Influence of maxillary canine torque variations on the perception of smile esthetics among orthodontists and laypersons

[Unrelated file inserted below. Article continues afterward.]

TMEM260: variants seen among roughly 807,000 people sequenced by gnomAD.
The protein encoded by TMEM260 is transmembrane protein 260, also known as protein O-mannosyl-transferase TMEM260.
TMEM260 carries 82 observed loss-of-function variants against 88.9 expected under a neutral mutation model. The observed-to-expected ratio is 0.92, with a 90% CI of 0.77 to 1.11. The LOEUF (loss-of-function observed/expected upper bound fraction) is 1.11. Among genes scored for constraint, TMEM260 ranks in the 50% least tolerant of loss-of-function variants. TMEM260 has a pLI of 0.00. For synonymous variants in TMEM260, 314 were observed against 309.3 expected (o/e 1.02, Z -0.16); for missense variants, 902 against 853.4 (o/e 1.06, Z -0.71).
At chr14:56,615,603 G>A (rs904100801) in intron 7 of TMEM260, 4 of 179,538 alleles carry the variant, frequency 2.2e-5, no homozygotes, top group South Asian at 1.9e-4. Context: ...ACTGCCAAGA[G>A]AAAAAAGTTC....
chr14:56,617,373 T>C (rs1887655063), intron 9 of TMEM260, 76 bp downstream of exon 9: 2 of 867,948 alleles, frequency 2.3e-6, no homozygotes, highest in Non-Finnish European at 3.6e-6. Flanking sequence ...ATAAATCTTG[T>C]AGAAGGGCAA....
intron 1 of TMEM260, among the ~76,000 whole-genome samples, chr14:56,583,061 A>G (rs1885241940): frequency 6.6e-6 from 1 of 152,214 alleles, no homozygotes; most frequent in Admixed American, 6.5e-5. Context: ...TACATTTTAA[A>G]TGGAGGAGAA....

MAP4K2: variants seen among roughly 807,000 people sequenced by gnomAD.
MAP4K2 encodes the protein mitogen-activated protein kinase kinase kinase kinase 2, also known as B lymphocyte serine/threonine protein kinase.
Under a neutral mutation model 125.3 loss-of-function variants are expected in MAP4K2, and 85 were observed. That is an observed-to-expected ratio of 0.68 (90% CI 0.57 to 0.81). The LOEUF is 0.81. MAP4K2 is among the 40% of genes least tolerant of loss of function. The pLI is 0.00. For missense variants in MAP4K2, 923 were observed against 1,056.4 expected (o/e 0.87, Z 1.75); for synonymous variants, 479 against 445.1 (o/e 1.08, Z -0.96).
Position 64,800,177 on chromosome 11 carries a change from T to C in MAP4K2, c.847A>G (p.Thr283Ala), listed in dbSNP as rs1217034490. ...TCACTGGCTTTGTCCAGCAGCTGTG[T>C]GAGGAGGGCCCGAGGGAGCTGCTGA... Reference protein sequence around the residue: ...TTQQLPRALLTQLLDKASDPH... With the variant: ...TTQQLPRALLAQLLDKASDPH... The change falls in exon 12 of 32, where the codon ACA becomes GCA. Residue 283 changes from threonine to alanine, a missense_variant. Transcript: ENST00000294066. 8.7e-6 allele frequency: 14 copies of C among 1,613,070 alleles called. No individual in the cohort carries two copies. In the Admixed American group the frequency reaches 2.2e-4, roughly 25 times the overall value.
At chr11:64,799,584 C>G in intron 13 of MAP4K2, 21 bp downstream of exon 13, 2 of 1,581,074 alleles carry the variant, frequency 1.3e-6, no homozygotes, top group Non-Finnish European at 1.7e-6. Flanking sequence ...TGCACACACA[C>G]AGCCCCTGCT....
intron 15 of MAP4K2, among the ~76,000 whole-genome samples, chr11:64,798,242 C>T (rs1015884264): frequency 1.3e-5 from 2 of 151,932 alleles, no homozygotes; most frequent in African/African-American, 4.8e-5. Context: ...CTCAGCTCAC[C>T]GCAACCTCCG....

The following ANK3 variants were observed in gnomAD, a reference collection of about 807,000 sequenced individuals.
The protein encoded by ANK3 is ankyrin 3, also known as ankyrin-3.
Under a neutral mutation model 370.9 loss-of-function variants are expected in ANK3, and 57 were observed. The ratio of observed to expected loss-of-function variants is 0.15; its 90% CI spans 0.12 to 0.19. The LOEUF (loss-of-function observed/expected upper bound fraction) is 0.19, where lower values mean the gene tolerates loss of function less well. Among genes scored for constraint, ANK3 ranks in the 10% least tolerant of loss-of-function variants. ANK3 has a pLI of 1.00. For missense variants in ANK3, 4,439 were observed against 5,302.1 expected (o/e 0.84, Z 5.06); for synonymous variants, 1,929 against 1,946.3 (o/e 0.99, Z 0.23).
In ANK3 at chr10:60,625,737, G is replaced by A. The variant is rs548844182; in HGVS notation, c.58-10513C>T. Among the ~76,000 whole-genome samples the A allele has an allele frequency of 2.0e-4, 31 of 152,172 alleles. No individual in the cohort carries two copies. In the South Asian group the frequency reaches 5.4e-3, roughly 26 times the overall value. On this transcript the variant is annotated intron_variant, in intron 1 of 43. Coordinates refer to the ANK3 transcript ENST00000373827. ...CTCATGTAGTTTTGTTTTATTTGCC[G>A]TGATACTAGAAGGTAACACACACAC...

ABSTRACT Objective: The purpose of this study was to determine the perception of smile esthetics among orthodontists and laypersons with respect to unilateral maxillary canine torque variations in a frontal smile analysis. Methods: Full face and close-up smile photographs of two subjects (1 man and 1 woman) were used. Both smiles displayed healthy maxillary anterior dentitions. The images were digitally altered to obtain a bilateral 0° torque in the maxillary canines. From this image, unilateral variations of the left canine were made with -15°, -10°, -5°, 0°, +5°, +10° and +15°. Final images were randomly assembled into an album that was given to 53 orthodontists and 53 laypersons. Each rater was asked to evaluate the attractiveness of the images using visual analog scales. Data collected were statistically analyzed with one-way analysis of variance with Tukey post-hoc test and the unpaired Student t test. Results: For orthodontists, most attractive smiles were those with 0°, -5° and -10°. For laypersons, most attractive smiles were those with 0°, -5°, -10°, -15° and + 5°. For both groups, the lowest scores were given for the smiles with +10° and +15° torque. When comparing the perceptions of the orthodontists and laypersons, they did not show statistical differences in most situations. Moreover, in general, there was no significant difference between the full-face and close-up assessments of the smiles. Conclusions: The present findings indicated that smiles with unilateral palatal (negative values) maxillary canine torque variations were more tolerated than smiles with buccal crown torque (positive values) variations.